• Apostle Paul's personal commitment to the proclamation of the good news to the unbelieving people of the world is revealed in these solemn testimony to the church of Corinth.
"For if I preach the gospel, I have nothing to boast of, for I am under compulsion; for woe is me if I do not preach the gospel" (1 Corinthians 9:16).
• Preaching the good news was not a vocation Paul chose for himself. God called him to this divine work. He would have been a most miserable man if he had not obeyed the divine obligation laid on him. The decision to preach the gospel to the lost did not come from Paul, it came directly from God. Therefore, in the Holy Spirit, Paul committed himself to the divine commission of proclaiming the good news to a lost world, doing so without charge and becoming all things to all people that God might work through him to bring them to the saving knowledge of Jesus Christ.
• The early believers knew and were deeply convinced that the gospel is the power of God for salvation for everyone who believes. As such, they carried its message from Jerusalem to the ends of the earth, because this was God's way of ministering to the unsaved world.
• With the help of God, I have presented an overwhelming evidence from the Word of God to show that one of the primary ways God wants His people to follow in serving the lost is being committed to proclaiming the good news to them.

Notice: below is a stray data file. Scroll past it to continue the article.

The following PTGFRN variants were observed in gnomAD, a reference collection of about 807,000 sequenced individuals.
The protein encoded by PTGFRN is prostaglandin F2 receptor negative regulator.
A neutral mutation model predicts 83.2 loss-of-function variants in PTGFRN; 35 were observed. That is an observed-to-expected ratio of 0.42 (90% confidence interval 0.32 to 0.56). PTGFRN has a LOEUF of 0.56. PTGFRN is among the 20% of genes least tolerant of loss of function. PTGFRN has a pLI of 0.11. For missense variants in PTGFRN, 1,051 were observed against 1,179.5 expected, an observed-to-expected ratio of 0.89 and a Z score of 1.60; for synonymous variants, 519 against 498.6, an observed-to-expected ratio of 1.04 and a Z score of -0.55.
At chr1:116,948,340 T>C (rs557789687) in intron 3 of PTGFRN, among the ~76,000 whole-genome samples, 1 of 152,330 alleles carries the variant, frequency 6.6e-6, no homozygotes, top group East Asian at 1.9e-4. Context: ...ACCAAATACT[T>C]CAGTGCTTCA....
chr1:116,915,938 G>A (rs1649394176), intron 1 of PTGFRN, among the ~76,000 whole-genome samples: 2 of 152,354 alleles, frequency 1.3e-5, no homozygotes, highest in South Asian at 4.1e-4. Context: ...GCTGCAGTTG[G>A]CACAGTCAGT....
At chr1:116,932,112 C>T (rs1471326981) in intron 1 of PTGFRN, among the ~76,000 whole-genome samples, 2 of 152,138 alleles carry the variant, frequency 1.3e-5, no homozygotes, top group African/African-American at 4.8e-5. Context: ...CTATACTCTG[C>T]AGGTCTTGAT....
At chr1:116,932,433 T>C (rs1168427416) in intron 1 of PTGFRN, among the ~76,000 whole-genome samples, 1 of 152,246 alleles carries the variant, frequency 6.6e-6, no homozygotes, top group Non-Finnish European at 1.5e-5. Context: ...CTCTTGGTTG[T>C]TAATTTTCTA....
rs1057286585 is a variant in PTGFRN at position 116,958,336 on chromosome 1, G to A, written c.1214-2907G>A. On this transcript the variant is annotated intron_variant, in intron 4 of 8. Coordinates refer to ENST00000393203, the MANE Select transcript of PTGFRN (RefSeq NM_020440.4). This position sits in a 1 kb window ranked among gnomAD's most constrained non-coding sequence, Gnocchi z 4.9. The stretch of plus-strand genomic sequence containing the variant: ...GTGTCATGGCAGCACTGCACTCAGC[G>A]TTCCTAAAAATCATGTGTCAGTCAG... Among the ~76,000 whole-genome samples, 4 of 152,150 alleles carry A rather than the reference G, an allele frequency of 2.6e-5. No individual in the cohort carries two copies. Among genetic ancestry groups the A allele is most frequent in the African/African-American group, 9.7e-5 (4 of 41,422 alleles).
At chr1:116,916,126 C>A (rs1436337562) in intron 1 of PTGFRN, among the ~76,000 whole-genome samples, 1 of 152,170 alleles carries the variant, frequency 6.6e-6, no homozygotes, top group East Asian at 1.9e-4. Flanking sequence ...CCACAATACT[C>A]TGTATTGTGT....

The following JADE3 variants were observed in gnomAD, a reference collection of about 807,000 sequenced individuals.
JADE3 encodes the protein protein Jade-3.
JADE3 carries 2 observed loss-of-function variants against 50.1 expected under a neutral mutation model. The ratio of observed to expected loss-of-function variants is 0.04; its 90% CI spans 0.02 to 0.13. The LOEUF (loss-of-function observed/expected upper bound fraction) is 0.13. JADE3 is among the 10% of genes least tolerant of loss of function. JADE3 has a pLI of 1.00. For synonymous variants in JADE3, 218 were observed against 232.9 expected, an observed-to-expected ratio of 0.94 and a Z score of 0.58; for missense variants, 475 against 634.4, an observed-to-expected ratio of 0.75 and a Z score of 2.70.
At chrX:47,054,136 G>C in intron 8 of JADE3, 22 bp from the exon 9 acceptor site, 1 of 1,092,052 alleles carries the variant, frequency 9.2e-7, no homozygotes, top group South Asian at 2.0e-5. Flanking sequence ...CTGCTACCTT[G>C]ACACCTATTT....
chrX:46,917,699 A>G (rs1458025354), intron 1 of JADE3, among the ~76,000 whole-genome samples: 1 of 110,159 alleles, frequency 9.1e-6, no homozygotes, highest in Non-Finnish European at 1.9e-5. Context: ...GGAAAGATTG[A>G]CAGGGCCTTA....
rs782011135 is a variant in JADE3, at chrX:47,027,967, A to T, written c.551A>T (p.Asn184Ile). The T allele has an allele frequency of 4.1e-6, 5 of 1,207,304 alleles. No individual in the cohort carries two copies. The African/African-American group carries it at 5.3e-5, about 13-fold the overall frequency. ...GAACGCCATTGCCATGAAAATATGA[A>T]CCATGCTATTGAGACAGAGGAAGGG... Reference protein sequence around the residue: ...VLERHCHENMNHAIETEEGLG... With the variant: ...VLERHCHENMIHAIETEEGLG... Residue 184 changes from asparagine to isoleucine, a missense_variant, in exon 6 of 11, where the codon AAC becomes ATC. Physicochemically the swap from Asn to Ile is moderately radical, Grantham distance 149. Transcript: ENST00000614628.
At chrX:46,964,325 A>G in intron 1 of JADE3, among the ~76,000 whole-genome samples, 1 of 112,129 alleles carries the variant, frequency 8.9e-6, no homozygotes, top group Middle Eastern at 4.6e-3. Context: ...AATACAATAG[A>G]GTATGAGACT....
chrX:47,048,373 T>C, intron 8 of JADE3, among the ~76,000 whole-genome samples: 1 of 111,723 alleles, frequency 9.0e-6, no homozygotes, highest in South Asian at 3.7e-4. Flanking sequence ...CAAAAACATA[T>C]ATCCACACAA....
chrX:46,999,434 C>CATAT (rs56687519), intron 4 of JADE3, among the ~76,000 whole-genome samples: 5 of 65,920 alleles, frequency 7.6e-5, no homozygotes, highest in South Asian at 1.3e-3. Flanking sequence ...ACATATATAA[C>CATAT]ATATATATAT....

C. Compassionate Care and Concern for the Lost (Acts)
• Like the Lord Jesus, the early disciples demonstrated compassionate care and concern for the lost. Their care and concern for the unsaved was expressed in several ways. They went to where the unbelievers were in order to share the love and life-giving message of Jesus with them. In the authority of Jesus Christ, the early believers healed those God had directed them to heal. In the power of the Spirit, they performed miracles and wonders and signs among the lost. Also, operating in the power of the Holy Spirit, they delivered some who were held in spiritual bondage. Their concern and care for the unsaved was also expressed in pleading with those who were steeped in idolatry not to offer sacrifice to them as gods. In their care for unbelievers, they cried out with all that was within them to stop a jailer who was about to commit suicide. They also expressed compassionate care for the lost by reasoning with sophisticated, yet superstitious devout idolaters, seeking to point them to the one true God who has revealed Himself in the Person of the Lord Jesus Christ. In demonstrating their concern for the lost, they also gave the unsaved godly counsel and warned them of danger, as well as gave them encouragement and hope in a dark and difficult time.